Celebrating medals of honor: why LGBT communities demand morePosted: September 21, 2011
Every single achievement that I have encountered in my life has been uncomfortable that now I am addicted to being uncomfortable. If it is not scary, I don’t want to do it. If it is not edgy and half-crazy I am not interested in it. But if it is something that makes me stay up in the night and makes me less popular, then I am going to do it.
This year, three colleagues have been recognized, applauded, and rewarded for their indelible contribution to human rights. That’s three awards for three members of our coalition in less than a year! For me, these three individuals have given me an opportunity to look back on the story of Self, story of Us, and story of Now.
Many people ask what drew me to activism. My answer is that we are all called to something. The difference is that some of us don’t venture out of our comfortable places. But isn’t it obvious that if you belong to a certain minority group you will want to serve your community in some way? Not so obvious.
A couple of years ago when we first began organizing, the community was more of a solitary place than a social movement. Now it is impossible to look back on any of those experiences and fail to recognize that so much has changed. I remember meetings we held every Tuesday night at a local gay-friendly bar in Ntinda, a Kampala suburb. Most of us felt that we were called to this cause but none of us imagined what it would take to sustain ourselves in the vision. Even the “recklessly courageous” person that I have been described as often revealed a big coward. Now I know that it was hope that motivated me to lead.
It is because of this that I think of the Human Rights First Award, the Martin Ennals Award for Human Rights Defenders, and the Robert F. Kennedy Human Rights Award as medals of hope. This hope, the hope that things do get better, requires that we forsake our comfort in order to obtain our freedom. The reason most people have not found their purpose is because they will not pay the price for their destiny. It’s either you go back to where you came from and live comfortable or want change bad enough to get out of your comfort zone.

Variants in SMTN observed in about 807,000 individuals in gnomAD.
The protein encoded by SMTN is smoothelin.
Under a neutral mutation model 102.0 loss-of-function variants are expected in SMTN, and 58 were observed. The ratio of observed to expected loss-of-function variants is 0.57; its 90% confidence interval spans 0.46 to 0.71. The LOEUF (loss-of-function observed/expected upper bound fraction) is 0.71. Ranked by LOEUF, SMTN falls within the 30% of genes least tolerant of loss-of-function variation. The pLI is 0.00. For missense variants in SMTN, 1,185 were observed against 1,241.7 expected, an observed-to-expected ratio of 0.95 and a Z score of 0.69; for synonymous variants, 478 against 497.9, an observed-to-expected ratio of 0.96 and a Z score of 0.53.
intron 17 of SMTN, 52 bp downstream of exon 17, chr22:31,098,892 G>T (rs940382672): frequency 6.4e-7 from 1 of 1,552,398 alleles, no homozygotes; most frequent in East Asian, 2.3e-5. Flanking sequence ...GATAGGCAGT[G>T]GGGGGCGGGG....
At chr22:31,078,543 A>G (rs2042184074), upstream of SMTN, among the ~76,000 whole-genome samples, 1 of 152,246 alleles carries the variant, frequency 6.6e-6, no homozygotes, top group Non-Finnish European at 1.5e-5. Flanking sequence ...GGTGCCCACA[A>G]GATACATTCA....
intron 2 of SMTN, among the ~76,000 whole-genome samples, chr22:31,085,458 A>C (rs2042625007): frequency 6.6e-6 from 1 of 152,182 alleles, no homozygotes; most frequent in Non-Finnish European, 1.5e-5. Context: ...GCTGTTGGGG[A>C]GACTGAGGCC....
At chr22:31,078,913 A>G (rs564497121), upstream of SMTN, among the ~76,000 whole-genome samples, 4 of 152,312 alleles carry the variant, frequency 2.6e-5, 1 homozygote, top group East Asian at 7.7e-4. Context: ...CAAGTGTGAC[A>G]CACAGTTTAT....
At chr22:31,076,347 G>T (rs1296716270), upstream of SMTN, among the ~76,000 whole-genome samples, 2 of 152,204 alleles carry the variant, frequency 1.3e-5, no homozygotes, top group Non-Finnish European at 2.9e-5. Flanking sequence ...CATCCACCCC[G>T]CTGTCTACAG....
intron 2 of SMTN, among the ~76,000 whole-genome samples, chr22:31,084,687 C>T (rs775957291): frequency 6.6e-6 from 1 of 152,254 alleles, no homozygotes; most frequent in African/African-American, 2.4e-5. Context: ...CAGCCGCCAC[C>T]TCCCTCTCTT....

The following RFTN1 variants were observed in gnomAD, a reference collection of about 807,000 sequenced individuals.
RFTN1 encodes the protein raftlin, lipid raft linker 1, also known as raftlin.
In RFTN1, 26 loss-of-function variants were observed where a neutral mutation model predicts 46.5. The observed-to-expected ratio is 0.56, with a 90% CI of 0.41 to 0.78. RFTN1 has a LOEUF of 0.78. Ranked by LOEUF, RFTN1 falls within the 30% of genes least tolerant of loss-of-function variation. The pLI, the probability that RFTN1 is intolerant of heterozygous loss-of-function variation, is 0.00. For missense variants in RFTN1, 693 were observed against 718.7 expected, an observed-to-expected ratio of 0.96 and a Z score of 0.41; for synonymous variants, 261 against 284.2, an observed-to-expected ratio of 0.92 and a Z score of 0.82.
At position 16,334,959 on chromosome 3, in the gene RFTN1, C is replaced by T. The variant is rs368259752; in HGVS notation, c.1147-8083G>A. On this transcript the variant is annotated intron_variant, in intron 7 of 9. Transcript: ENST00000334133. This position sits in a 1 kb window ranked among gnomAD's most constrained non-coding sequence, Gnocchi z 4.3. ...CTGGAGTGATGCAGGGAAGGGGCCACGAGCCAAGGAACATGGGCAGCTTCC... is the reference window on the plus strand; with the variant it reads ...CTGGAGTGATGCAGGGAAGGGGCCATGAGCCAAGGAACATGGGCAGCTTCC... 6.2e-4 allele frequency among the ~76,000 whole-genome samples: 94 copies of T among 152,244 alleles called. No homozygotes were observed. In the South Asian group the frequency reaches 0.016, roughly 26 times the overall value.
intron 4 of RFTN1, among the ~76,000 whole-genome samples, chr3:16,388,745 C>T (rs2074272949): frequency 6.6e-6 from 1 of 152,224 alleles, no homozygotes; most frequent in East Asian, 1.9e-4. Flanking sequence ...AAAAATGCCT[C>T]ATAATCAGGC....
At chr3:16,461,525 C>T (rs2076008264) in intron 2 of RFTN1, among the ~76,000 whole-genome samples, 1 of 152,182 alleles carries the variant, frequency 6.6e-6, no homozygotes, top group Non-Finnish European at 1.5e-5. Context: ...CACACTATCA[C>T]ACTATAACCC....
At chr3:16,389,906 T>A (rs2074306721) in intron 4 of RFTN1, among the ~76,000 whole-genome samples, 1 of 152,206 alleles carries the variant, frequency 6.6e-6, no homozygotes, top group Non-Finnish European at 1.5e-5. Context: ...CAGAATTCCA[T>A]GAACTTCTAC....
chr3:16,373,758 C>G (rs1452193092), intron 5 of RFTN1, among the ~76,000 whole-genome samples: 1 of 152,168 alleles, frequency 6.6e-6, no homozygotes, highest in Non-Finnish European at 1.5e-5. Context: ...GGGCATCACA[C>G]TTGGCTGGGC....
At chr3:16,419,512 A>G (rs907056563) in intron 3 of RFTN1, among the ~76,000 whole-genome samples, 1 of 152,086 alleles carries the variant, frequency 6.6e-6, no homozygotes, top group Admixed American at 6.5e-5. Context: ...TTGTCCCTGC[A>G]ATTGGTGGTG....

As I think of activists Julius Kaggwa, Kasha Jacqueline, and Frank Mugisha who, through their leadership, have given our community hope, I am reminded that our stories are not written in stone. We are constantly evolving.
I think of the daily struggles they endure and the courage that often outruns their resources. In recognition of the fact that funding for LGBT organizations in Uganda has increased over the last two years partly because of the anti-homosexuality bill which has elevated the plight of sexual minorities, there is still a lot of work to done in as far as funding LGBT human rights work in Africa is concerned. A lot of what happens in human rights cannot happen without funding. African LGBT movements are not an exception to this fact.
With most LGBT organizations in Uganda operating on annual operating budgets of less than $10,000, I can only wish that these medals of hope will lift LGBT communities from the periphery of under-funded social justice struggles. If these medals are going to create ripples of change within the movement, then we have to address the funding challenge. That human rights defenders should continue to put their lives on the line for a just cause is enough to grant them the privilege of working with ample resources that will help them touch lives. To acknowledge this challenge is to recognize its urgency.
For it is not about the outcome of the struggle. It is the process of the struggle that is fulfilling. For instance, whether the kill the gays bill becomes law or not, we have already won. Stories of Julius, Kasha, and Frank help us see this victory ever better. Change can come from the most unlikely, uncomfortable places. The three awards are so much about significance than they are about prophets being without honor in their homeland.